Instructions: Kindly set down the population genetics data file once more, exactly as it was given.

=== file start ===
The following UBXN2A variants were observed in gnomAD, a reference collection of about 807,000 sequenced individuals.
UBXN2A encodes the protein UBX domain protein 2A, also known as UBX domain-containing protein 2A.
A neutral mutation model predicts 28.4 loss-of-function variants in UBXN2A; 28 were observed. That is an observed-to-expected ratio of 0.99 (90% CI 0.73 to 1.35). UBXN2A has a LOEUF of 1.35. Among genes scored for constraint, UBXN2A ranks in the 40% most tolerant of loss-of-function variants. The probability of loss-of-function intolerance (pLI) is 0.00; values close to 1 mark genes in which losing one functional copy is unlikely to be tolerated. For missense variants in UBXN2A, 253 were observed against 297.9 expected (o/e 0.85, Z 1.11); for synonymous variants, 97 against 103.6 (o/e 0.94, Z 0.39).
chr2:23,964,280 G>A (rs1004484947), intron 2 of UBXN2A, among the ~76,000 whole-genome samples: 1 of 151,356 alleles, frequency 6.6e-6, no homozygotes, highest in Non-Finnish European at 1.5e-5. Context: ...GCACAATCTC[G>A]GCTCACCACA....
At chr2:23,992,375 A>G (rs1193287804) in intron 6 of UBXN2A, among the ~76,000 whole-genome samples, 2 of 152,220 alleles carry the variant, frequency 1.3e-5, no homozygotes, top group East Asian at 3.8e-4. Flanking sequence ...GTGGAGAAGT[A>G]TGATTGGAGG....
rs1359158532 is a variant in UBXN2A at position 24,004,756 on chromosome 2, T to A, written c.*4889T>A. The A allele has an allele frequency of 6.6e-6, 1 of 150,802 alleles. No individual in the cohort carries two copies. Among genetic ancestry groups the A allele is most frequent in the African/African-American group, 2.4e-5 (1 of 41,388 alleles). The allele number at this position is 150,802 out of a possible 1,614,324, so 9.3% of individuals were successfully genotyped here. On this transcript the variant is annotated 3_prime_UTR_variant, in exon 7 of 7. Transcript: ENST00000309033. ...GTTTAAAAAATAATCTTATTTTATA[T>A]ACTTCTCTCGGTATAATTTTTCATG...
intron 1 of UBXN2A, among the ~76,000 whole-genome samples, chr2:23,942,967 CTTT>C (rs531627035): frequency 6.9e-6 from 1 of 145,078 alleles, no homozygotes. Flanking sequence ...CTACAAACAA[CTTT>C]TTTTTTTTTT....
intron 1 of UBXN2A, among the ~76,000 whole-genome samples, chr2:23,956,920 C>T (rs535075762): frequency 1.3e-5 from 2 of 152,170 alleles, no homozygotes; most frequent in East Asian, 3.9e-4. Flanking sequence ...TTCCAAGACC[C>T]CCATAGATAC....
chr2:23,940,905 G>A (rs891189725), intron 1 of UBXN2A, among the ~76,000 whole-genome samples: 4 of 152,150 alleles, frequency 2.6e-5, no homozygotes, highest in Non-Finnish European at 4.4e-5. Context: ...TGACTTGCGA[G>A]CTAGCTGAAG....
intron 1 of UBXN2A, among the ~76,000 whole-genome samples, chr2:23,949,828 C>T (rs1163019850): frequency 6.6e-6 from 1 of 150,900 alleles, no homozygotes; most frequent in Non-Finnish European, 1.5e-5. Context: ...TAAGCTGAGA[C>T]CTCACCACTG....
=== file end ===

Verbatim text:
The following UBXN2A variants were observed in gnomAD, a reference collection of about 807,000 sequenced individuals.
UBXN2A encodes the protein UBX domain protein 2A, also known as UBX domain-containing protein 2A.
A neutral mutation model predicts 28.4 loss-of-function variants in UBXN2A; 28 were observed. That is an observed-to-expected ratio of 0.99 (90% CI 0.73 to 1.35). UBXN2A has a LOEUF of 1.35. Among genes scored for constraint, UBXN2A ranks in the 40% most tolerant of loss-of-function variants. The probability of loss-of-function intolerance (pLI) is 0.00; values close to 1 mark genes in which losing one functional copy is unlikely to be tolerated. For missense variants in UBXN2A, 253 were observed against 297.9 expected (o/e 0.85, Z 1.11); for synonymous variants, 97 against 103.6 (o/e 0.94, Z 0.39).
chr2:23,964,280 G>A (rs1004484947), intron 2 of UBXN2A, among the ~76,000 whole-genome samples: 1 of 151,356 alleles, frequency 6.6e-6, no homozygotes, highest in Non-Finnish European at 1.5e-5. Context: ...GCACAATCTC[G>A]GCTCACCACA....
At chr2:23,992,375 A>G (rs1193287804) in intron 6 of UBXN2A, among the ~76,000 whole-genome samples, 2 of 152,220 alleles carry the variant, frequency 1.3e-5, no homozygotes, top group East Asian at 3.8e-4. Flanking sequence ...GTGGAGAAGT[A>G]TGATTGGAGG....
rs1359158532 is a variant in UBXN2A at position 24,004,756 on chromosome 2, T to A, written c.*4889T>A. The A allele has an allele frequency of 6.6e-6, 1 of 150,802 alleles. No individual in the cohort carries two copies. Among genetic ancestry groups the A allele is most frequent in the African/African-American group, 2.4e-5 (1 of 41,388 alleles). The allele number at this position is 150,802 out of a possible 1,614,324, so 9.3% of individuals were successfully genotyped here. On this transcript the variant is annotated 3_prime_UTR_variant, in exon 7 of 7. Transcript: ENST00000309033. ...GTTTAAAAAATAATCTTATTTTATA[T>A]ACTTCTCTCGGTATAATTTTTCATG...
intron 1 of UBXN2A, among the ~76,000 whole-genome samples, chr2:23,942,967 CTTT>C (rs531627035): frequency 6.9e-6 from 1 of 145,078 alleles, no homozygotes. Flanking sequence ...CTACAAACAA[CTTT>C]TTTTTTTTTT....
intron 1 of UBXN2A, among the ~76,000 whole-genome samples, chr2:23,956,920 C>T (rs535075762): frequency 1.3e-5 from 2 of 152,170 alleles, no homozygotes; most frequent in East Asian, 3.9e-4. Flanking sequence ...TTCCAAGACC[C>T]CCATAGATAC....
chr2:23,940,905 G>A (rs891189725), intron 1 of UBXN2A, among the ~76,000 whole-genome samples: 4 of 152,150 alleles, frequency 2.6e-5, no homozygotes, highest in Non-Finnish European at 4.4e-5. Context: ...TGACTTGCGA[G>A]CTAGCTGAAG....
intron 1 of UBXN2A, among the ~76,000 whole-genome samples, chr2:23,949,828 C>T (rs1163019850): frequency 6.6e-6 from 1 of 150,900 alleles, no homozygotes; most frequent in Non-Finnish European, 1.5e-5. Context: ...TAAGCTGAGA[C>T]CTCACCACTG....